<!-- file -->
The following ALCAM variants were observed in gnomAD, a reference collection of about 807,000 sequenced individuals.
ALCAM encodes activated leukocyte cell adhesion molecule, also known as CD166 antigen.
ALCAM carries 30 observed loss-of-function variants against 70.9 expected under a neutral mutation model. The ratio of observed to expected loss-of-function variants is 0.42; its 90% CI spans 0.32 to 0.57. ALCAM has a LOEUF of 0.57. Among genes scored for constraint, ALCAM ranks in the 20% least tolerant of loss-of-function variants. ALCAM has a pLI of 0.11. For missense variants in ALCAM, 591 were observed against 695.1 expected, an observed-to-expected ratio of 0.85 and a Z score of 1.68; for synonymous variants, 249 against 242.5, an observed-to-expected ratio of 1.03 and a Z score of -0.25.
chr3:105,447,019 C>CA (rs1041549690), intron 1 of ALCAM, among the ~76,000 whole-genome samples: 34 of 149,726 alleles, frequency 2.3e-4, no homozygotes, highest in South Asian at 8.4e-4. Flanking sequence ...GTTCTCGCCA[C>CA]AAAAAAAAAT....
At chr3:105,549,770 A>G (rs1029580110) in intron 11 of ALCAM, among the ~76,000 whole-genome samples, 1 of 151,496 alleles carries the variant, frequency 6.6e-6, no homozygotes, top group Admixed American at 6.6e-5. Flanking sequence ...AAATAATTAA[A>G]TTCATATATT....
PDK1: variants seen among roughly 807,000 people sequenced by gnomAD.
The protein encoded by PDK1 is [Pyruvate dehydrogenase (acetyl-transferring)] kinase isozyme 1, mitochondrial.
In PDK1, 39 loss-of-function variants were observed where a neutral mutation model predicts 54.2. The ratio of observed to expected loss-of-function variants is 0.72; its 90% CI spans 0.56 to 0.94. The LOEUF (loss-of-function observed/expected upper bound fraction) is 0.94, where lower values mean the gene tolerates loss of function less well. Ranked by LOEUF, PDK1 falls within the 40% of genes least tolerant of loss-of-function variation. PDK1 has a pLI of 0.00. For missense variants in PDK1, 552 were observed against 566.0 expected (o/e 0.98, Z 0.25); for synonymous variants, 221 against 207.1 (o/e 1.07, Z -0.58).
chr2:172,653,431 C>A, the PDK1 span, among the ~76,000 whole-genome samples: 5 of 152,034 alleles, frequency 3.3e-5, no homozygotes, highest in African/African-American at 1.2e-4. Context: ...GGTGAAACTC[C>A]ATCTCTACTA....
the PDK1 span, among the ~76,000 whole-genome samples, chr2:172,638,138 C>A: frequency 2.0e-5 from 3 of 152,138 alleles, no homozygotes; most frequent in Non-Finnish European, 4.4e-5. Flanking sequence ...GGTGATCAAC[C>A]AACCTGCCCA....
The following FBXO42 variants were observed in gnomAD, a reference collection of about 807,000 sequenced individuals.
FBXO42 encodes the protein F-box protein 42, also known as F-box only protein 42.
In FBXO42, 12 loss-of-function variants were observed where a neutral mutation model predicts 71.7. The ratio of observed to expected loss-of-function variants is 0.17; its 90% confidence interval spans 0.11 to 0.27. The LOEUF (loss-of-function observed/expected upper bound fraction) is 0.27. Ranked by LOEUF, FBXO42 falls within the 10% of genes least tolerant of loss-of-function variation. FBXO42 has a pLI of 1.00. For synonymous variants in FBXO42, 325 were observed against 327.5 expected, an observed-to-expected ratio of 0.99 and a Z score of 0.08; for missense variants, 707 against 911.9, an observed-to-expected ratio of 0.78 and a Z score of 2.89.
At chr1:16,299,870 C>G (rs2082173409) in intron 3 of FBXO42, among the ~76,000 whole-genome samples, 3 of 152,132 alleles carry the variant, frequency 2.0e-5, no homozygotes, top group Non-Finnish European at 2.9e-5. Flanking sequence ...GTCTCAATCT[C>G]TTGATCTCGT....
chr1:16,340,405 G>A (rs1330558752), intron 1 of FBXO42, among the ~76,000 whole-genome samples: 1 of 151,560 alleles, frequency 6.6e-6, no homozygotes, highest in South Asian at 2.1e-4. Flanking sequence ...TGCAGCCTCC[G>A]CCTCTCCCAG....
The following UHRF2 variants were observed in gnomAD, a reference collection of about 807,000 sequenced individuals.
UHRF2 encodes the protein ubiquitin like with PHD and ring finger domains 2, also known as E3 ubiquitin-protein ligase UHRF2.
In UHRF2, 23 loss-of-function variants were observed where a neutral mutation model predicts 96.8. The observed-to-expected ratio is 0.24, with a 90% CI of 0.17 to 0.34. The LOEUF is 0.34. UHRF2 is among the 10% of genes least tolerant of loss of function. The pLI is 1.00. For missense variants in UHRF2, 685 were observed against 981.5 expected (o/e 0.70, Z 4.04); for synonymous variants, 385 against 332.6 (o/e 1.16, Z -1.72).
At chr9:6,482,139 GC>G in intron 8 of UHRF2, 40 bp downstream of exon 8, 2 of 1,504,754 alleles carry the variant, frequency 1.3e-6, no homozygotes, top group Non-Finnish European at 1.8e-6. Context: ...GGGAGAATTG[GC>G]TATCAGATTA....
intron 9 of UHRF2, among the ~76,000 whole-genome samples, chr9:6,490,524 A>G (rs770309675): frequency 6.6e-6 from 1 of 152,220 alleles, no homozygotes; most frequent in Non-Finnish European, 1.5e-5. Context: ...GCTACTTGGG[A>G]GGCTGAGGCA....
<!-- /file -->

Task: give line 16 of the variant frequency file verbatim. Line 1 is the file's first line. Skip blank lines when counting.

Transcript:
The following UHRF2 variants were observed in gnomAD, a reference collection of about 807,000 sequenced individuals.